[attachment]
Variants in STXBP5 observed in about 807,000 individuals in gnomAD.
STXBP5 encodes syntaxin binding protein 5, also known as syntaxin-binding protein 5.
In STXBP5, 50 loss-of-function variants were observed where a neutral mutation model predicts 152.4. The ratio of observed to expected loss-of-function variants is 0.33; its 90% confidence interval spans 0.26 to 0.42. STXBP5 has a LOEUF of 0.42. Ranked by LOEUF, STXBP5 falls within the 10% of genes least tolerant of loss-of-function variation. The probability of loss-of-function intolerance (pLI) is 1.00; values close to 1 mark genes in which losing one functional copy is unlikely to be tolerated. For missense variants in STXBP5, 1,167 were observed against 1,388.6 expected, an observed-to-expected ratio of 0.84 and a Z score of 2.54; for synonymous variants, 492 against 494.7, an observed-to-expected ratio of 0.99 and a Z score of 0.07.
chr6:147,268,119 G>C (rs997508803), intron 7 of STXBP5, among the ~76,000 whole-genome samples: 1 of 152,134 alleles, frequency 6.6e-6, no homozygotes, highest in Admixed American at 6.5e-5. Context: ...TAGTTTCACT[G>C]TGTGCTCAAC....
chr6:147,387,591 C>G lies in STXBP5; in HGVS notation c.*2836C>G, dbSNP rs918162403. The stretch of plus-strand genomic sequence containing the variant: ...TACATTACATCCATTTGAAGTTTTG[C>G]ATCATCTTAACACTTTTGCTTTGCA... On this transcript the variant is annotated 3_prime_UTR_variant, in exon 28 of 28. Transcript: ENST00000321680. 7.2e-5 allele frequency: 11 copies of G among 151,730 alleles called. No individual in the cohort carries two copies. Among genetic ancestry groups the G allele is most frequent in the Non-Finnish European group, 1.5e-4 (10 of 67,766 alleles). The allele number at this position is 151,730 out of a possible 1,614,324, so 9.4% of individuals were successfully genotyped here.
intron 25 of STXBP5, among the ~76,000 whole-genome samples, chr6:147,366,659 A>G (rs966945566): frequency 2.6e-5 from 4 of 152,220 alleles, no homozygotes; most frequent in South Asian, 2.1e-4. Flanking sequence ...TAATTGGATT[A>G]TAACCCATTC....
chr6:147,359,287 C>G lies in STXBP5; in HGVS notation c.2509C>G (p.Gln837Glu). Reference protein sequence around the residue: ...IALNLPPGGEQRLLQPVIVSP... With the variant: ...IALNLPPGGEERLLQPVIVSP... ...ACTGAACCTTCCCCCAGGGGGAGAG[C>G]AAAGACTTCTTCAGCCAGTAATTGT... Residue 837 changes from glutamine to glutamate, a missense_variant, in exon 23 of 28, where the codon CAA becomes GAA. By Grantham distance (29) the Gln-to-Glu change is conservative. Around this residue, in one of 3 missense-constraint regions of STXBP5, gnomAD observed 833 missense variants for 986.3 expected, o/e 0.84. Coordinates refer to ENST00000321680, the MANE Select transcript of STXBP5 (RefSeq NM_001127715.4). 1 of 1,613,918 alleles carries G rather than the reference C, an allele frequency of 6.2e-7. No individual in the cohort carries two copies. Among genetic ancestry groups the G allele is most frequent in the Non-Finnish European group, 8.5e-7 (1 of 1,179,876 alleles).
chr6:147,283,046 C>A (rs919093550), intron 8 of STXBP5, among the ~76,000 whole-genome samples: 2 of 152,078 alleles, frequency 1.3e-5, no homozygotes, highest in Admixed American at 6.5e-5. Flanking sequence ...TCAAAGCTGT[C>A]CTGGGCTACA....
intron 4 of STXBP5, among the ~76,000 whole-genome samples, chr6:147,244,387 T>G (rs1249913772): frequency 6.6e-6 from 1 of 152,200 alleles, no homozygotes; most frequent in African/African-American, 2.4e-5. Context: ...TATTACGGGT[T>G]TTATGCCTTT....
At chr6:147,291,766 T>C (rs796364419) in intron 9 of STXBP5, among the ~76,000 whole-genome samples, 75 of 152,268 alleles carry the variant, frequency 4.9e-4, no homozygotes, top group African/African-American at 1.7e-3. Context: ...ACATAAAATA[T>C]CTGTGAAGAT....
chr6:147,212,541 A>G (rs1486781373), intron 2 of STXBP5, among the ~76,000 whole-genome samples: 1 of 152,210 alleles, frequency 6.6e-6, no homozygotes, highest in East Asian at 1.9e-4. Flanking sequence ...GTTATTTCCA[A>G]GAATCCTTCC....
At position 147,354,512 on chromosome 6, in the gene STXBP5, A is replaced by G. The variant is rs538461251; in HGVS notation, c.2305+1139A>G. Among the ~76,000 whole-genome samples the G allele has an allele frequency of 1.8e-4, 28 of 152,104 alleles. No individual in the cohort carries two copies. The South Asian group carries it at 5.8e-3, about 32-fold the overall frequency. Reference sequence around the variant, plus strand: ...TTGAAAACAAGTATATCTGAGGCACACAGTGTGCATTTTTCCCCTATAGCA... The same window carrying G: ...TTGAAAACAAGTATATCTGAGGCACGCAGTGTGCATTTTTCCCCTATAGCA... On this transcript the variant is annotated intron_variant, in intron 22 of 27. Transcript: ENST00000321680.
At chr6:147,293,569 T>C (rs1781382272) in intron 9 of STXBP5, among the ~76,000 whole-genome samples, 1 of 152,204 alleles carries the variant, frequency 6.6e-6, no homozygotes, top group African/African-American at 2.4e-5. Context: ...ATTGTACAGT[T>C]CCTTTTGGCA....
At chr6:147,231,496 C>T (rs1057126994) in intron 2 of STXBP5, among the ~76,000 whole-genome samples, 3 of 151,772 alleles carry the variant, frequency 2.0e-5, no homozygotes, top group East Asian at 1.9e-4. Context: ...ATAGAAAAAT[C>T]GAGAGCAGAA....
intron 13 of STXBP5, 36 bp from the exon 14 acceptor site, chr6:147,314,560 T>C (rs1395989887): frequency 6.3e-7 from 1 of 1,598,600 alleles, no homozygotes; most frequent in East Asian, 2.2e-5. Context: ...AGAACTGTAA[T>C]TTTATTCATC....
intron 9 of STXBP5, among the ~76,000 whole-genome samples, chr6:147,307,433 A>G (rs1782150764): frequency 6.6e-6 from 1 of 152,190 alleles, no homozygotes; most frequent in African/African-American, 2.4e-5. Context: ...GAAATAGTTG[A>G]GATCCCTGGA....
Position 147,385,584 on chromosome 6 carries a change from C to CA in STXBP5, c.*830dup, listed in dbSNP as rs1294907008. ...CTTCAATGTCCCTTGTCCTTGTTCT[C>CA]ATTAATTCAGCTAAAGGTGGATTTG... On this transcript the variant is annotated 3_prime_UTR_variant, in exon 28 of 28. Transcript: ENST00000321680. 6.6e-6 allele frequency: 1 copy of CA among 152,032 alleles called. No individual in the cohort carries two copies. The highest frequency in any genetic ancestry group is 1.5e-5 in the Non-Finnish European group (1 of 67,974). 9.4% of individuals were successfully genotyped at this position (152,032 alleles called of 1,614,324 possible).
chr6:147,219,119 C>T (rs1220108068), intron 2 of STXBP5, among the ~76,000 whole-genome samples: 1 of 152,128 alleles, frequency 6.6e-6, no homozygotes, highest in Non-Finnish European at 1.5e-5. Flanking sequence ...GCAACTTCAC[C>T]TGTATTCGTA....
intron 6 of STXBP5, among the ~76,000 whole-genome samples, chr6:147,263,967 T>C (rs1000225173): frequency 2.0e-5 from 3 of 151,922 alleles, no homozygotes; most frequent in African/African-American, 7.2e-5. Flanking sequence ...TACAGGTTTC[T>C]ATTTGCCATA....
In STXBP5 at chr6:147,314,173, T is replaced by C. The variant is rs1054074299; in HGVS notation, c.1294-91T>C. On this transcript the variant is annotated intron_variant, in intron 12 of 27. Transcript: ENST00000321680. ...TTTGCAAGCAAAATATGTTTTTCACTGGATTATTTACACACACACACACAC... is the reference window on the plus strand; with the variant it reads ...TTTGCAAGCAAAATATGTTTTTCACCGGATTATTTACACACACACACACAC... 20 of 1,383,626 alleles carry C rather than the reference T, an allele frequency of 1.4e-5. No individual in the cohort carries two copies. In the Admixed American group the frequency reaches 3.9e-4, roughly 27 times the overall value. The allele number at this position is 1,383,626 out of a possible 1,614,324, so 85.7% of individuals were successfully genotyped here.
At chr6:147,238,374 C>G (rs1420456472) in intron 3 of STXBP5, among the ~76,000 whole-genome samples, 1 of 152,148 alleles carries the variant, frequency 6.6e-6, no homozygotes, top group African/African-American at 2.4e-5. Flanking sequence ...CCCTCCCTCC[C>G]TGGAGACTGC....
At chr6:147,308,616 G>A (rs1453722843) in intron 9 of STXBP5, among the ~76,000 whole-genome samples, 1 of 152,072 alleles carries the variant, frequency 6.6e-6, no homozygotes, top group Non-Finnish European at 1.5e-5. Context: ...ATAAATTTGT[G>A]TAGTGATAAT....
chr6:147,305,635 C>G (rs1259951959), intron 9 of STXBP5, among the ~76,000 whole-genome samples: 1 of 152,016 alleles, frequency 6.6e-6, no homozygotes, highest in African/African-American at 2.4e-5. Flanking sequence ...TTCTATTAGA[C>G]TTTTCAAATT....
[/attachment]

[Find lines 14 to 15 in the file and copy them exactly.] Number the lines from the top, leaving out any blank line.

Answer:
At chr6:147,231,496 C>T (rs1057126994) in intron 2 of STXBP5, among the ~76,000 whole-genome samples, 3 of 151,772 alleles carry the variant, frequency 2.0e-5, no homozygotes, top group East Asian at 1.9e-4. Context: ...ATAGAAAAAT[C>T]GAGAGCAGAA....
intron 13 of STXBP5, 36 bp from the exon 14 acceptor site, chr6:147,314,560 T>C (rs1395989887): frequency 6.3e-7 from 1 of 1,598,600 alleles, no homozygotes; most frequent in East Asian, 2.2e-5. Context: ...AGAACTGTAA[T>C]TTTATTCATC....